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City of Corpus Christi to hold a series of sessions to discuss federal funding

Posted at 7:54 PM, Mar 21, 2023
and last updated 2023-03-21 20:54:14-04

CORPUS CHRISTI, Texas — On Monday, the City of Corpus Christi held its first of five Neighborhood Services Department community input meetings.

The meeting was aimed at district 1, but open to anyone who wanted to attend and could not make their own district meeting.

The purpose of the community input sessions is to help the city establish its next five-year consolidated action plan for 2024.

"People can come by, ask questions, give us their thoughts, give us their input on how they think and what they feel this money should be spent on. So we want to be sure we have the public input as we go through that decision-making process," Assistant Director of Neighborhood Services Tracey Cantu said.

The city received over $2 million from the Community Development Block Grant, over $1 million for the Home Investment Partnership Program and a little under $300,000 for the Emergency Solutions Grant.

During Monday's meeting, the city and Neighborhood Services Department showed their strategic plan. It showed how the city intends to prioritize what needs there are locally and how they anticipate choosing high priorities to fund over the next five years.

One participant told us why she showed up.

"I am concerned about the way the city is deciding to spend the money on how to take care of the most vulnerable population in our city and that is houseless individuals," Community Organizer Chloe Torres said.

Every five years the city has to complete a five-year consolidated action plan to set goals for use of federal funds. Every year they also submit an action plan that tells the U.S. Department of Housing and Urban Development (HUD) how they will use HUD's allocation money.

With the last round of grants, the city invested in issues like utility assistance, affordable rental housing, and emergency shelter assistance with the Salvation Army.

"These meetings are all about deciding on how the city is going to use federal money, our tax dollars, on how to service those who need it the most," Torres said.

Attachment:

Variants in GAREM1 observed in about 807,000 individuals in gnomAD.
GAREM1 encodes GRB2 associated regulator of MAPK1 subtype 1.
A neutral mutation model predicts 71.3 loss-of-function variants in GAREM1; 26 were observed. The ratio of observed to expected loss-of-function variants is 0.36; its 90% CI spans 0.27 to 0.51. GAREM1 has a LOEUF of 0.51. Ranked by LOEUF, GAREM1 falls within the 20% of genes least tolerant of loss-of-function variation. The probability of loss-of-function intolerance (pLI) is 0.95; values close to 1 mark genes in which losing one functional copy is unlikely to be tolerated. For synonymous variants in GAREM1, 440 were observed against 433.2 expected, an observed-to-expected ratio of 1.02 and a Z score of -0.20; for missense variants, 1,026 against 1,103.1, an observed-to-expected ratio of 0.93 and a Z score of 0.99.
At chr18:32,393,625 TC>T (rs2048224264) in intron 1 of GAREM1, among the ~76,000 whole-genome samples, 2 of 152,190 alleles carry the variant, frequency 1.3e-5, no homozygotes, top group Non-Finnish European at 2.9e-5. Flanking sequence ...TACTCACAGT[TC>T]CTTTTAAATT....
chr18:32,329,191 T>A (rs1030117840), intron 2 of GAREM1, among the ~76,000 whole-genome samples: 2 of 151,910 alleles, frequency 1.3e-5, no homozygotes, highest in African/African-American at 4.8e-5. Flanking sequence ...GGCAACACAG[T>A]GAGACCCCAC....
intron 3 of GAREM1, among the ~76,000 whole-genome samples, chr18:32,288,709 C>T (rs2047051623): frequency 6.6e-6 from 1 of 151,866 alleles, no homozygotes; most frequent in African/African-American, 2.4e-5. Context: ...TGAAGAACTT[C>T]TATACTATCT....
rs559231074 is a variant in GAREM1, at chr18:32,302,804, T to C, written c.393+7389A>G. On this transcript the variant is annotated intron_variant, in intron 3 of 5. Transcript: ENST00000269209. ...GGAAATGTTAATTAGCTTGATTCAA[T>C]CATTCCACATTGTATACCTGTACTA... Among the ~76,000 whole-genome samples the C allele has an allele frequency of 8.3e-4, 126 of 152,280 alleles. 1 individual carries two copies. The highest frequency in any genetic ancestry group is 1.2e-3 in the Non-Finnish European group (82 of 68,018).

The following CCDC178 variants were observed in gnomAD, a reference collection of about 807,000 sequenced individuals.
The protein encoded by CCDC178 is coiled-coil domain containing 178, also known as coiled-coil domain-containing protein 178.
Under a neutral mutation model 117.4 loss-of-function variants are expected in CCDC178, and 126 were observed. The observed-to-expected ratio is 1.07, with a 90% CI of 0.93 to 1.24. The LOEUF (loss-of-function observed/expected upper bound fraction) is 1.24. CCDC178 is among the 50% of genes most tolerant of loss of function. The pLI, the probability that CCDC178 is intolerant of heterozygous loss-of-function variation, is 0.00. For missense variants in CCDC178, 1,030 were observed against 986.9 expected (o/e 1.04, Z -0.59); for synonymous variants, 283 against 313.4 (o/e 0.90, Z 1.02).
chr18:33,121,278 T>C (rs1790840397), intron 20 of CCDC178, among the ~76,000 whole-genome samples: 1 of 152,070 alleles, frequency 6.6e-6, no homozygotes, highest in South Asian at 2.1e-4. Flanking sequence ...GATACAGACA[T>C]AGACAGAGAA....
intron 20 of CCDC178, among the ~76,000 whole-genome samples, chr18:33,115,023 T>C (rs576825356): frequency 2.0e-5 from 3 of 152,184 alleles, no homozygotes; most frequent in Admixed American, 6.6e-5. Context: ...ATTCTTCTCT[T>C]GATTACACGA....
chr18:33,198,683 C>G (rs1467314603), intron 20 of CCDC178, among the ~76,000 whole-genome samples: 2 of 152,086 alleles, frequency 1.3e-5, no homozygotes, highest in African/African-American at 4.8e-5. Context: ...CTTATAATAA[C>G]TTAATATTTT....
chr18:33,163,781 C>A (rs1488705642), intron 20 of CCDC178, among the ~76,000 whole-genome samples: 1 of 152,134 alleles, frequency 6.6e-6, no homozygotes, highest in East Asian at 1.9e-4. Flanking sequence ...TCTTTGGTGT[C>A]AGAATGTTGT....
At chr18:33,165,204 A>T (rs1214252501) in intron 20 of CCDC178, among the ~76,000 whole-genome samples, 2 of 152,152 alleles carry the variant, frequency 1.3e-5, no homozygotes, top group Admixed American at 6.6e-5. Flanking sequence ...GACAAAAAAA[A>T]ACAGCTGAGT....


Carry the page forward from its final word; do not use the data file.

Torres dedicates her time to raising awareness for what she calls housing injustice. She is passionate about it because it is something that could possibly hit close to home at any given moment.

"Housing insecurity can happen to any of us at any time. I would say the vast majority of Americans know what it's like to have an emergency expense and not know where they're gonna get the money from," Torres added.

She said that she feels the city should speak to those closest to the issue to find the root cause of the problem and get it solved.

Torres raised concerns about the homeless community and those nearing it at the meeting.

Cantu told us input from passionate people, like Torres, is what the meetings are all about.

"We conduct these meetings because it is important for us to get the input from our community members so we can better assess how these dollars are allocated," Cantu said.

Although some comments were not fully answered at Monday's session, the input will still be taken into consideration before a final decision is made this summer.

For those who cannot attend a session this week, there will be a survey put out by May to discuss the same subject. The city's five-year plan must be submitted to HUD no later than Aug.15, or the city will lose its funds.